Susan Thompson may be gone, but the ripples of her legacy are still being felt both in the Yukon and half a world away, in Kakamega, Kenya.
Thompson, a Yukon fish biologist, created the Fish4Kenya program to help struggling catfish farmers get access to funding and technical support for their farms. She passed away in October 2012, but more than a year after her passing, the micro-farming project is still changing lives.
“The program is going really well,” said Nick de Graff. “It’s really empowered a lot of people in the community, especially women. It has helped pull people out of poverty.”
De Graff toured the Kakamega fish farms recently with his wife Nancy, and two other long-time friends of Susan’s – Corliss and Gordon Gilgan.
The program works by bringing together co-operatives of Kenyan farmers and giving them the tools to create and run their own fish farms, surprisingly similar to the one at Whitehorse’s Icy Waters, de Graff said.
Even though the farmers don’t have access to the kind of infrastructure at Icy Waters, they are able to make up the difference with knowledge, hard work and co-operation, Gordon Gilgan explained.
“One of the things Susan found when she started working on the project was that even though many people in rural Kenya might own land, that alone isn’t enough for them to make a living,” Gilgan said.
The most successful element of the Fish4Kenya project is that it allows the farmers to have a starting point, a place to start earning even a modest income from their land, which they can then reinvest in their fields.
“You’re seeing farmers take that money and invest it in diversifying. They’re using it to buy cows and poultry and other crops,” Gilgan said.
The capital and sweat equity that Susan’s project brought to the community helped get it off the ground, but it’s the spirit of co-operation that she instilled there which keeps it alive.
It’s no secret that Kenya is a troubled country. When Fish4Kenya first started out in 2005, ethnic tensions were high and government rules prevented Kenyan’s from assembling in groups of more than a few people.
That’s where the idea to form official co-operatives came in, de Graff said. By formally outlining where and how farmers would work together to support their farms, Thompson’s organization was able to create a spirit of co-operation that keeps things running today.
“Working together is not something the Kenyan people do very well,” Gilgan said.
“That’s part of the charm of Susan’s work. Now they share everything, even their nets, their pots. When one farmer’s pond needed to be fixed, other farmers helped him fix it,” Gilgan said.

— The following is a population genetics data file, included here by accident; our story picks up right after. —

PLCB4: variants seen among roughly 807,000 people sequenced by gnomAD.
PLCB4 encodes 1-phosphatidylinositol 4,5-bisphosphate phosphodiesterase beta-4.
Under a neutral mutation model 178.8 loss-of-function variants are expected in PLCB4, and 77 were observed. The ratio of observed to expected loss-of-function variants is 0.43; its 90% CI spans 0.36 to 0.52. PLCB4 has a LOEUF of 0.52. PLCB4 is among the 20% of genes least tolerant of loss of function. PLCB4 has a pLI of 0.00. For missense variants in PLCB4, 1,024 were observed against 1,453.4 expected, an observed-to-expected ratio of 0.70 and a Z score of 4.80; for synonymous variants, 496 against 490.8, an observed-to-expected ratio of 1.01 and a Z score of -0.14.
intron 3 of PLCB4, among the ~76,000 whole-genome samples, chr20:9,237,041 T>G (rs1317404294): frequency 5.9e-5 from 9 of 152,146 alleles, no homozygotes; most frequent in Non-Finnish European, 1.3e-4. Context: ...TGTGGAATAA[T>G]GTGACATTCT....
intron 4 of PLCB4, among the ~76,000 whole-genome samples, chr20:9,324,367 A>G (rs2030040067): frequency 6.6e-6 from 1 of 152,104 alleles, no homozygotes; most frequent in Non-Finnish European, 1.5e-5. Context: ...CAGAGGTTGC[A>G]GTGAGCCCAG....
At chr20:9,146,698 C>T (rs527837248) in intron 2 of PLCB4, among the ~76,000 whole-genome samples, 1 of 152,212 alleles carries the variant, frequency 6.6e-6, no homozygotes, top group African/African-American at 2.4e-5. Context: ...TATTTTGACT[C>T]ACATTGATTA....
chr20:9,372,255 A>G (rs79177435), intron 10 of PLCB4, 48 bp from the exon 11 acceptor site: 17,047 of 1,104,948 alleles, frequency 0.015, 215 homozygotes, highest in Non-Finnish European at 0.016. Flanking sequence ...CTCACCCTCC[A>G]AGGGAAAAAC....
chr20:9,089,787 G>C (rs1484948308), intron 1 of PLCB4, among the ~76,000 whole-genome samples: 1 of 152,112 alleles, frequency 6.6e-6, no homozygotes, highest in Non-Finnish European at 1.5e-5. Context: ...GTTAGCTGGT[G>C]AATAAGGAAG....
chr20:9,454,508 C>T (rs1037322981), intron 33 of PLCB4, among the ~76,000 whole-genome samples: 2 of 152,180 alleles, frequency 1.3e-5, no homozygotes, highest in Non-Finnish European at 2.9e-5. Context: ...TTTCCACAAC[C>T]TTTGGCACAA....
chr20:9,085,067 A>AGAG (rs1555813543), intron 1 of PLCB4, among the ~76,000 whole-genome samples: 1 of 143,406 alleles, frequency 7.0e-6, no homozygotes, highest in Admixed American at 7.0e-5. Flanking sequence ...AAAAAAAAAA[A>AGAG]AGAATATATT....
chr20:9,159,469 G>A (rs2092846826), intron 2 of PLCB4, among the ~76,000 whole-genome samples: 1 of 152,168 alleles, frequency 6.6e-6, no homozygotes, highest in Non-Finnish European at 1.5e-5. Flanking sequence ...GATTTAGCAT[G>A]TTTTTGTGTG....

The program gets about $10,000 a year in subsidies that come from donations raised in Canada. With that, and the help of the indispensible Hussein Wechuli – Thompson’s local partner since the beginning – the program now supports 36 fishponds and 36 farms.
Each of the 36 ponds produces about $600 in talapia and catfish per year, more than $21,000 a year in total. Gilgan said that each of the 86 farmers is able to support a family of up to six or seven on the profits alone.
“We’re talking about 800 to 900 people who are getting access to high-quality protein on a regular basis, who are supported by the farms,” Gilgan said.
One of the biggest successes the program has had is in empowering local women.
“Many of them own farms themselves,” de Graff said. “They are becoming leaders in their community.”
The de Graffs and the Gilgans weren’t just on holiday when they visited Wechuli and the farms he and Thompson helped build. They were doing research, finding ways to make the program run even more efficiently.
They’ll present their findings along with video interviews and a slide show at a fundraiser tomorrow night at the Old Fire Hall. The event runs from 7 p.m. to 9:30 p.m. Admission is by donation, and there will be a silent auction and Kenyan crafts for sale.
The whole event is geared towards raising enough money to build some much-needed infrastructure and make the program self-sustaining.
“The goal is to make the whole thing self-sufficient,” Gilgan said. “We want to essentially put ourselves out of business within the next three years and let the Kenyans run it entirely on their own.”
That approach differs significantly from many other Western aid projects, which can sometimes lead to unhealthy relationships of dependence with local communities. That was something Thompson identified and wanted to avoid from the very beginning, both men said.
Right now, the Fish4Kenya project supplies the feed for the farms, but the local farmers are doing most of the technical work. Even highly specialized breeding programs are being used, with the knowledge being shared among all involved.
During their trip, the two couples focused on interviewing the workers involved, finding out what was working and where the struggles lay. They also did some water sampling and collected other data to bring home for analysis.
“We didn’t really know how well it was working before we went to visit,” de Graff said. “But it’s working beyond our wildest dreams.”
“It’s like that old saying, teach a man to fish and he’ll eat for his whole life. The only difference is that Susan taught them to grow fish. The possibility for the project was there all along, she just supplied the spark,” Gilgan said.
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